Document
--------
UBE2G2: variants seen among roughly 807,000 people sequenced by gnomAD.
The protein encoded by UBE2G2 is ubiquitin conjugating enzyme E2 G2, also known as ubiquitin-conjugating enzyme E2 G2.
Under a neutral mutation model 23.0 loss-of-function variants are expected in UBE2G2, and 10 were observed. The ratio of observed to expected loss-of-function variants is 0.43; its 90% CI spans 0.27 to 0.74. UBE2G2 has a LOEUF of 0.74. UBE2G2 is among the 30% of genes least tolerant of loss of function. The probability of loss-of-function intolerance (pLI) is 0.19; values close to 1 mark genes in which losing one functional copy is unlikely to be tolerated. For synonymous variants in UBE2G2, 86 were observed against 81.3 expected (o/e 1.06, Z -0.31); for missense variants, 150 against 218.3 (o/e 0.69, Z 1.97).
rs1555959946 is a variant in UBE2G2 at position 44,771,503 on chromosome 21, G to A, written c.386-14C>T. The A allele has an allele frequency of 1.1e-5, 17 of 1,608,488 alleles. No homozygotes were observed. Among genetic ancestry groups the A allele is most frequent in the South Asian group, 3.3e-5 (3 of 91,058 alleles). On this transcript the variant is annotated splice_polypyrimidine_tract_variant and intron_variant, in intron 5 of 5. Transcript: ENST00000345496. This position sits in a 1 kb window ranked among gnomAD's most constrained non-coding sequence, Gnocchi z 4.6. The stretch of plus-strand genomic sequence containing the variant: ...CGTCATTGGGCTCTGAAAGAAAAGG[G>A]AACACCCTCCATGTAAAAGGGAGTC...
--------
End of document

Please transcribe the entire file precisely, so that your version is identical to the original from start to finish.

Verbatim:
UBE2G2: variants seen among roughly 807,000 people sequenced by gnomAD.
The protein encoded by UBE2G2 is ubiquitin conjugating enzyme E2 G2, also known as ubiquitin-conjugating enzyme E2 G2.
Under a neutral mutation model 23.0 loss-of-function variants are expected in UBE2G2, and 10 were observed. The ratio of observed to expected loss-of-function variants is 0.43; its 90% CI spans 0.27 to 0.74. UBE2G2 has a LOEUF of 0.74. UBE2G2 is among the 30% of genes least tolerant of loss of function. The probability of loss-of-function intolerance (pLI) is 0.19; values close to 1 mark genes in which losing one functional copy is unlikely to be tolerated. For synonymous variants in UBE2G2, 86 were observed against 81.3 expected (o/e 1.06, Z -0.31); for missense variants, 150 against 218.3 (o/e 0.69, Z 1.97).
rs1555959946 is a variant in UBE2G2 at position 44,771,503 on chromosome 21, G to A, written c.386-14C>T. The A allele has an allele frequency of 1.1e-5, 17 of 1,608,488 alleles. No homozygotes were observed. Among genetic ancestry groups the A allele is most frequent in the South Asian group, 3.3e-5 (3 of 91,058 alleles). On this transcript the variant is annotated splice_polypyrimidine_tract_variant and intron_variant, in intron 5 of 5. Transcript: ENST00000345496. This position sits in a 1 kb window ranked among gnomAD's most constrained non-coding sequence, Gnocchi z 4.6. The stretch of plus-strand genomic sequence containing the variant: ...CGTCATTGGGCTCTGAAAGAAAAGG[G>A]AACACCCTCCATGTAAAAGGGAGTC...